NFL Draft Review

Apr 22, 2002 at 12:00 AM


It was pretty obvious in the wake of the 2002 draft that the 49ers have returned to prominence. Of all the picks, only kicker Jeff Chandler stands to be a starter at his position. But the 49ers planned it that way.

With all 22 starters in place, the 49ers began targeting their second strings, and they are now a significantly deeper team than they were on Friday. Mike Rumph and Josh Shaw should see plenty of action as rookies; Saleem Rasheed and Kevin Curtis should be special teams stars; Jeff Chandler will win the kicking job, and the Eric Heitmann and Kyle Kosier give the 49ers depth along the interior of the line. Mark Anelli could be the 49ers’ best backup tight end in quite some time.

1 (27) Mike Rumph, CB, Miami (Fl)
6-2, 205 lbs, 4.56
28 tackles, 8 passes broken up

Would the 49ers have taken Lito Sheppard over Rumph if both were available? We’ll never know, but it’s probably a wash anyway. While Sheppard is a more polished cover corner, he is a clone of Ahmed Plummer and Jason Webster. Rumph brings an entirely new set of skills to the secondary: size and physical play. His numbers were down his senior year, but that had a lot to do with his great play as a sophomore and junior. Teams did not test him quite as much.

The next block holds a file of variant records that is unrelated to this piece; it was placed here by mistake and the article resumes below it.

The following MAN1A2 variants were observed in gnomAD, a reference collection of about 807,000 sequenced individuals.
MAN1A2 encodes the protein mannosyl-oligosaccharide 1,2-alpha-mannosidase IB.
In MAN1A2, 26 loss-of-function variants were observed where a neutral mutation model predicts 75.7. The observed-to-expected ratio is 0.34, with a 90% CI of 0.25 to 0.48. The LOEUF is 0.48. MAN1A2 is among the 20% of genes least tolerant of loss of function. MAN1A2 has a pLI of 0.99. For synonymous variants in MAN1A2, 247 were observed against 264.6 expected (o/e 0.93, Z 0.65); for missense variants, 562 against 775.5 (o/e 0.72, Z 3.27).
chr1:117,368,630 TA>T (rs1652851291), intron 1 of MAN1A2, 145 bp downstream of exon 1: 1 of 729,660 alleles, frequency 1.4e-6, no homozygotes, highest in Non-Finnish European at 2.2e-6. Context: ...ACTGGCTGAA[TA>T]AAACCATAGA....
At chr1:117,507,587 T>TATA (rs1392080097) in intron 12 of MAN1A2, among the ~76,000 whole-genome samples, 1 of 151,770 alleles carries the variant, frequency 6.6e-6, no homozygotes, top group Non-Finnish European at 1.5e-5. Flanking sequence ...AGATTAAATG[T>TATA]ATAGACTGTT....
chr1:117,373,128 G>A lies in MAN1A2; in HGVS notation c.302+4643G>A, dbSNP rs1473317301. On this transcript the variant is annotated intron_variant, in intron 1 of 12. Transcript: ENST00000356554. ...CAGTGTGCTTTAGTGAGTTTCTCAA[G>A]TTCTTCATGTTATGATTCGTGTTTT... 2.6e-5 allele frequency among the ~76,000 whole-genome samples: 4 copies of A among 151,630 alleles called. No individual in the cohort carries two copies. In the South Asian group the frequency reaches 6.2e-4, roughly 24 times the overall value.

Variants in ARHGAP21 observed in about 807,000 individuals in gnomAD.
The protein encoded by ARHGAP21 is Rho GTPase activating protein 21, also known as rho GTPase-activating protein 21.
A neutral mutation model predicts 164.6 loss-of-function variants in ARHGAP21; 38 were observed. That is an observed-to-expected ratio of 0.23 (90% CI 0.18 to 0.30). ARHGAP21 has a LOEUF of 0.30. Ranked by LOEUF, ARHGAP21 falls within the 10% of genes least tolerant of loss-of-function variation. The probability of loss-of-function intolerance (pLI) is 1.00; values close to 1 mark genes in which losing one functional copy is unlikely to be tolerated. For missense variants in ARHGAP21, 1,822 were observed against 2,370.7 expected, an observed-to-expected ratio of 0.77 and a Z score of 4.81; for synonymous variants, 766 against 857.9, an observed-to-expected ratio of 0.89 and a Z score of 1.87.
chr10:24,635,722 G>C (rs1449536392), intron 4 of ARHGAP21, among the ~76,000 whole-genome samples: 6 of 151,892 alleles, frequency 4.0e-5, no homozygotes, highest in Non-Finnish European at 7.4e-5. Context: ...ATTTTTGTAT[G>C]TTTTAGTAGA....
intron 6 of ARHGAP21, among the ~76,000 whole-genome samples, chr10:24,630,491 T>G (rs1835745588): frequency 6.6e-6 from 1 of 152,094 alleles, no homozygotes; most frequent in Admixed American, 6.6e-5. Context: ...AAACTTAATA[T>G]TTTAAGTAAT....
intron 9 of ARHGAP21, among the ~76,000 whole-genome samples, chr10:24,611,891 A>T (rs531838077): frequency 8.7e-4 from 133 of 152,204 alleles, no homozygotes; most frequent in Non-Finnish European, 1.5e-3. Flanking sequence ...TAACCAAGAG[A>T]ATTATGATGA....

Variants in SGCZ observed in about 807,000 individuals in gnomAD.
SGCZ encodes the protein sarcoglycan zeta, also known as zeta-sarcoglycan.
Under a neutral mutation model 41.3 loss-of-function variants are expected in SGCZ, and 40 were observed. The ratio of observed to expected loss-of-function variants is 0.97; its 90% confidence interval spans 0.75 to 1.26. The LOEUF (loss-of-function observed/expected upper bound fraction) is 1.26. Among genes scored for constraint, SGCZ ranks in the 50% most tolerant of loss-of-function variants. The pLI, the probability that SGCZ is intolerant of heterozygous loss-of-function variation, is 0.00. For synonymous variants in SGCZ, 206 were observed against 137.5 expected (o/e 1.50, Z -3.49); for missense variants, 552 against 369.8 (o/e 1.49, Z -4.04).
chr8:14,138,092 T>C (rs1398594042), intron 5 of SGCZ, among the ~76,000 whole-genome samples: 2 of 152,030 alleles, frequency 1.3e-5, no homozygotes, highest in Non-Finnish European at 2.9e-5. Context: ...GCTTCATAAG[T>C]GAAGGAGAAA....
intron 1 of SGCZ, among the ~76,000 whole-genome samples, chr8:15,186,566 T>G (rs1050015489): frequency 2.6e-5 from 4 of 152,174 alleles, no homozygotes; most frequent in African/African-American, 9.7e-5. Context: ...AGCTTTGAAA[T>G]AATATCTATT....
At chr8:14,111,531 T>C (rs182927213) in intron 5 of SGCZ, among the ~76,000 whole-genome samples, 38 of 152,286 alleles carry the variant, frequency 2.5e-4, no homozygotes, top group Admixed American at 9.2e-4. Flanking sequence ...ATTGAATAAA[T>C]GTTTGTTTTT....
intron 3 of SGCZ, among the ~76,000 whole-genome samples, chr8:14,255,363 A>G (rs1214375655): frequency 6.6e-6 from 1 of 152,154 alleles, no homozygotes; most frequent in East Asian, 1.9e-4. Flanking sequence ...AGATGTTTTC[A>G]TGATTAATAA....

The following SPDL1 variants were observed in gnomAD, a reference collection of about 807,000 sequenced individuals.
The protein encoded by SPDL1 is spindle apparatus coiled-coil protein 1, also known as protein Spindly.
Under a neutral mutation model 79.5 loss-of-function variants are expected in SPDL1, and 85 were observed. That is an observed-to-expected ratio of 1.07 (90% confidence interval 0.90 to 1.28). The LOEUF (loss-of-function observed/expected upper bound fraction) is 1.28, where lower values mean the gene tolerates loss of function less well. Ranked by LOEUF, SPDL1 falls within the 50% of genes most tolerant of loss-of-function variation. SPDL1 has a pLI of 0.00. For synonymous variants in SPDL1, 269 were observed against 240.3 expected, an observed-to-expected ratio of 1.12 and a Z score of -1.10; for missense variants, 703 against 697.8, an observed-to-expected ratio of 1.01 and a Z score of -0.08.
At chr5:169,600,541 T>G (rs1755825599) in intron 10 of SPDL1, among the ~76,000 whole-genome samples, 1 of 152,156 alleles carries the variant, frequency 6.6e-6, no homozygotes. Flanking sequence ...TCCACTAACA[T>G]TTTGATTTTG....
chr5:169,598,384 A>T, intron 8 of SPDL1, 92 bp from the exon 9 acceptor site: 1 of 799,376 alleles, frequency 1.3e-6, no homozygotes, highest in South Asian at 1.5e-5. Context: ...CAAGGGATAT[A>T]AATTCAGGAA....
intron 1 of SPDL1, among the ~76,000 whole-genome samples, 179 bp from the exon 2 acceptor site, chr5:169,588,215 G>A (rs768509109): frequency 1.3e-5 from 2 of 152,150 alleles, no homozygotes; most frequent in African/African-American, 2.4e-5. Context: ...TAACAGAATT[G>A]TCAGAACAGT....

Most importantly, the 49ers staff – especially defensive backs coach Brett Maxie – is very high on Rumph and they have a plan for him. Rumph is a surprisingly bright kid, and he really wowed the 49ers staff during his interviews.

Sheppard would have had a chance to knock Webster out of the starting lineup. Rumph probably will not, and will be the #3 corner once the year begins. Still, when a 6-2, 200 pound corner is also a quick learner and coachable, that’s huge. I was never a big fan of his but he has basically proven me wrong. Does not look like a starter now, but let’s talk again come August.
Where He Fits In: Nickel corner with a shot at a starting job.

3 (69) Saleem Rasheed, OLB, Alabama
6-2, 229 lbs, 4.6